Location: Koh Tao, April 16th - 23rd
Leaving days of rain in Samui was not hard to do. Off I went happily on a ferry to Koh Tao Thursday morning. I boarded the boat, flashed some deuces to Samui as to say thanks for Songkran, a ton of rain and the time to read my first "real" book (not 50 Shades, Divergent, Twilight or The Hunger Games) in years.
Two hours later, pulling up to the port in Koh Tao I was greeted by a guy who held a Scuba Junction chalkboard that said my name. First stop, my scuba school. I only later realized that this guy is one of the most well known and famous fire dancers on the island. We rolled up to Scuba Junction and Pick Thai, my scuba school and bungalow home respectively. I thought I was only go to be there for about three days... I ended up staying a week.
So, a quick note on my budget parameters. Shocker, I tend to want to lean towards a high budget versus a low. If given the choice, tell me who wouldn't? If Conde Nast Traveler tells me it is a trip of a lifetime or a recent inductee into the Leading Hotels of The World - who doesn't want to head there? But, if I am actually going to do this, really do this and travel for what I hope is many months, a high budget lean needs to quickly become a balancing act that includes both medium for sanity and low for saving. Koh Tao, I decided was the time to dapple in the low end of accommodations - I mean, it's Thailand... isn't this the home of beach bungalows that only cost a dollar?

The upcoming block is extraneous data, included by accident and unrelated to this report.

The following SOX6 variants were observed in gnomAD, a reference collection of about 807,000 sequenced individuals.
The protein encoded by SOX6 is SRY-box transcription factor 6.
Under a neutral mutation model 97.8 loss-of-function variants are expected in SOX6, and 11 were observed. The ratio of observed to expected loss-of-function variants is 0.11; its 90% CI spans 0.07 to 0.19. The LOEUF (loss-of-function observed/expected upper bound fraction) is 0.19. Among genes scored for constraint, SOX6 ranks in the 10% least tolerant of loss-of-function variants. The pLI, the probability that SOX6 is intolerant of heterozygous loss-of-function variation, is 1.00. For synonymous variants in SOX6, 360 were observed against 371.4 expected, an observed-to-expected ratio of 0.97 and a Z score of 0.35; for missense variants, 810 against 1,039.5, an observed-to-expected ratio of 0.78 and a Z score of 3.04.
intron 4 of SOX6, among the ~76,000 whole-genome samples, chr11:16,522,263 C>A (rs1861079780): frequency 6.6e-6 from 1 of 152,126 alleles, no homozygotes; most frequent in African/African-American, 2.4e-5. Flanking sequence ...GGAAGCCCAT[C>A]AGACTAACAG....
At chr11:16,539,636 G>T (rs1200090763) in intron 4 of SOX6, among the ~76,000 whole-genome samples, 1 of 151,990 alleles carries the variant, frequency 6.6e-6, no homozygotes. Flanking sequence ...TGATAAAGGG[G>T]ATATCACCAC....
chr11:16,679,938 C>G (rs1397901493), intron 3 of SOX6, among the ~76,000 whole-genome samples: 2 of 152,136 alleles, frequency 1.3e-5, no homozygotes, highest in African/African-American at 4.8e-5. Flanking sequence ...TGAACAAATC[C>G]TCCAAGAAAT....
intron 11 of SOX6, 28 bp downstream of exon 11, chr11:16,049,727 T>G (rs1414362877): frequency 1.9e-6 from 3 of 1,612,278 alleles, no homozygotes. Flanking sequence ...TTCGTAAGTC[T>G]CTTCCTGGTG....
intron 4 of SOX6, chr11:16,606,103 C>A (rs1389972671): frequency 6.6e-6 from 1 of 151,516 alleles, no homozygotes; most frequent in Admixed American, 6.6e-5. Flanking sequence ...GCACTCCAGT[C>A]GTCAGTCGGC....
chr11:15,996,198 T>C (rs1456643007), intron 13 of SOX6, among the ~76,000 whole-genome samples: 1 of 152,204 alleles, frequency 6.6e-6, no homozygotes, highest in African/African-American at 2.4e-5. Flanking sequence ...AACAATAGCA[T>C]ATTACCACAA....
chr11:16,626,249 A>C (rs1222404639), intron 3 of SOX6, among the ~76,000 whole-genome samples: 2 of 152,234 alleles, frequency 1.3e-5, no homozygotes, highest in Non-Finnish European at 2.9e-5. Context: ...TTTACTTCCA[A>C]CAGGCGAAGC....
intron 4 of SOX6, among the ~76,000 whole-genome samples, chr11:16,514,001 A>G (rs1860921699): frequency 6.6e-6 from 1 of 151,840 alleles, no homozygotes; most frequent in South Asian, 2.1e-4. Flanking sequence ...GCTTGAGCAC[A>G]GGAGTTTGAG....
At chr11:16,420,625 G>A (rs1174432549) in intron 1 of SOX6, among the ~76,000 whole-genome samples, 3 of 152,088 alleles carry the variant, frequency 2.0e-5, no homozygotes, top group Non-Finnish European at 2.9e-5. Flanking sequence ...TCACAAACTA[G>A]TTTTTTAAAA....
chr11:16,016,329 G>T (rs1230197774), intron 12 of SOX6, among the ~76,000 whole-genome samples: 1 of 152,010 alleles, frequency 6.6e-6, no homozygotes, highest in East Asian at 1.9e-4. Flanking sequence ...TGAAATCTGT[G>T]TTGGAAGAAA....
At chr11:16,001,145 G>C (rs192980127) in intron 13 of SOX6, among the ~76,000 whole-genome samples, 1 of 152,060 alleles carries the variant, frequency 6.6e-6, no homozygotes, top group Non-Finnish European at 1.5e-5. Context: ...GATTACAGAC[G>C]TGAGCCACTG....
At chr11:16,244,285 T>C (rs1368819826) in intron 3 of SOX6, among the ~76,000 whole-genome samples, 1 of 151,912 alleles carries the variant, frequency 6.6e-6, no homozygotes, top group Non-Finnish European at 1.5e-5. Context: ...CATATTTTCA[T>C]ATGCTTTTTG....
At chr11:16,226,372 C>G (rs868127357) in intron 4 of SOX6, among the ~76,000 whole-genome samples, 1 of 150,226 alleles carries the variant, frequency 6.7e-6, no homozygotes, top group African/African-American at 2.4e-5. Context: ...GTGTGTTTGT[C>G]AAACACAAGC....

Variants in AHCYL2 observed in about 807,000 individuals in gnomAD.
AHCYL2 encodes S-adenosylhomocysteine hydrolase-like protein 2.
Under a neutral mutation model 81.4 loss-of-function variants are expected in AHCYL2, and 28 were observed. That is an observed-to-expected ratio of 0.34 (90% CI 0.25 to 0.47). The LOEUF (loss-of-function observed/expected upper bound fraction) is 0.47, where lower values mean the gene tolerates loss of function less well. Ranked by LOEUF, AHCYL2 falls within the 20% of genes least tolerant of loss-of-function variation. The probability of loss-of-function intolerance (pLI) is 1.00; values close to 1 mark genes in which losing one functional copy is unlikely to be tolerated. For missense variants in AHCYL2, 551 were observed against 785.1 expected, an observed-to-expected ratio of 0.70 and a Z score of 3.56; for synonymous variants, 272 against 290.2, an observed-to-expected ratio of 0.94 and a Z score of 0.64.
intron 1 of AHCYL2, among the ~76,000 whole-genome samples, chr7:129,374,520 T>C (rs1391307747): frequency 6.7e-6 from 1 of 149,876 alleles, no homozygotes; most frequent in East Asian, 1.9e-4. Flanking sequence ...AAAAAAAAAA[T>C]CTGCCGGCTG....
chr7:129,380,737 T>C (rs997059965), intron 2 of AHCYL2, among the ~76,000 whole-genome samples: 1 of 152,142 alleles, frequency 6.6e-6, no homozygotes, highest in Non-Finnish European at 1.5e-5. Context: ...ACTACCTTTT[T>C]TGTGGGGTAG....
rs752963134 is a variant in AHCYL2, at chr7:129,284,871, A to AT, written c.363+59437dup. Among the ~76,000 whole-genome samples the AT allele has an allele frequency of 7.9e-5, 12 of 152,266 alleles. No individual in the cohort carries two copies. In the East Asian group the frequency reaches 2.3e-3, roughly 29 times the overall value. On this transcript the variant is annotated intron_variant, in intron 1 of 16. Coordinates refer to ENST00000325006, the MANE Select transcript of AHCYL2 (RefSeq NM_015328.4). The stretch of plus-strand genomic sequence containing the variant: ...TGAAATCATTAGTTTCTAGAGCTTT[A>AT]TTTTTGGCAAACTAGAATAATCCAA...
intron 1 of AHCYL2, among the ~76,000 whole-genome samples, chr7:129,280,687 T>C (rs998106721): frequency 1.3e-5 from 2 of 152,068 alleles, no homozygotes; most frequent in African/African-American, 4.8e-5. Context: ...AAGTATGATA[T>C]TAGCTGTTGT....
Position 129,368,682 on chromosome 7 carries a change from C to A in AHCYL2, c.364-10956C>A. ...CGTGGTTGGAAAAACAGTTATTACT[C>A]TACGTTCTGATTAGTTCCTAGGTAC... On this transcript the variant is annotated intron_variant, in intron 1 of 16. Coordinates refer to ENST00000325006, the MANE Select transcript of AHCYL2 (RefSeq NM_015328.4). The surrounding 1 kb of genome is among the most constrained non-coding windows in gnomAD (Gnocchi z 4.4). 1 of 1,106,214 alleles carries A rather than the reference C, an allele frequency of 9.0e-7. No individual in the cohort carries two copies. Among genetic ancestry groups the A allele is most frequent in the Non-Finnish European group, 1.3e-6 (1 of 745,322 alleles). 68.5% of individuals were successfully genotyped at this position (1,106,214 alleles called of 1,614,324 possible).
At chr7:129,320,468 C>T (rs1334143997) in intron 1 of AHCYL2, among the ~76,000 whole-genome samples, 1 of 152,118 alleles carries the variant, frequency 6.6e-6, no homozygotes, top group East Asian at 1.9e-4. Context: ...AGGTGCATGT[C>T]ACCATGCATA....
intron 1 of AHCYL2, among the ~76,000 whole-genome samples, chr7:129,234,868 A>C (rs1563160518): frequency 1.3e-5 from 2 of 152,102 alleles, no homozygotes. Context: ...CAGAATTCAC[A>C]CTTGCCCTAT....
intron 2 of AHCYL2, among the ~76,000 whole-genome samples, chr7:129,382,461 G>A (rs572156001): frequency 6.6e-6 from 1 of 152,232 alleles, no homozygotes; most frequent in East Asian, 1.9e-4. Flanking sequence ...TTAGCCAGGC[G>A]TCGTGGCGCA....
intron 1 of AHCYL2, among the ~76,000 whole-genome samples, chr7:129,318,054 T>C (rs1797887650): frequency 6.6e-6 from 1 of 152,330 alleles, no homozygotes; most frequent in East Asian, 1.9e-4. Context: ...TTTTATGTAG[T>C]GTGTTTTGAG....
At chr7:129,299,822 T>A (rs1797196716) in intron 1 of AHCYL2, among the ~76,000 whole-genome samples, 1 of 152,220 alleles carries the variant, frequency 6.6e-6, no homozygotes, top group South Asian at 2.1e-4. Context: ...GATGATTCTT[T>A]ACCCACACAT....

So, if you were really broke and had to pinch every penny that was rattling around in your pockets you actually COULD find a place for $10 a day. Now, in this place there will be no electricity or at least no reliable electricity. You likely will have or be sharing a cold shower and you will not have a real toilet. You, son, will have a hole in the ground. For a price increase to about $25 a day, you get electricity, a bathroom with cold water and a fan. For $40, you can get AC and hot water. This was where I began. And, I am sure if you actually go to the bungalow prior without an advanced reservation, you can negotiate these prices down.
Bungalows tend to resemble camp. Very Parent Trap-like. Of, if you spent summers like I did in my youth, very Red Pine Camp for Girls. But, rather than Haley Mills and friends sharing a bungalow, clearly, it is just you.
After a few days I moved to a beach bungalow, also at Pick Thai, for a whopping $60 a night where I had a pet, a cat who lived on the front porch who wanted to sit on my lap every morning. It was a slight upgrade, with a mini fridge, provided toilet paper (BYO in the lesser bungalows) and in the bathroom, there was a tile scape of a topless Thai girl. It is unclear who felt that this flair was a design improvement. But, it was great. What's not to love when you can sit on your porch and watch the sunset? $2 big beers and a short walk down the beach you can eat pad thai while perched on a bean bag for $3 or find something fancier for $12. If you strike at 2-for-1 happy hour, you can drink and eat for next to nothing.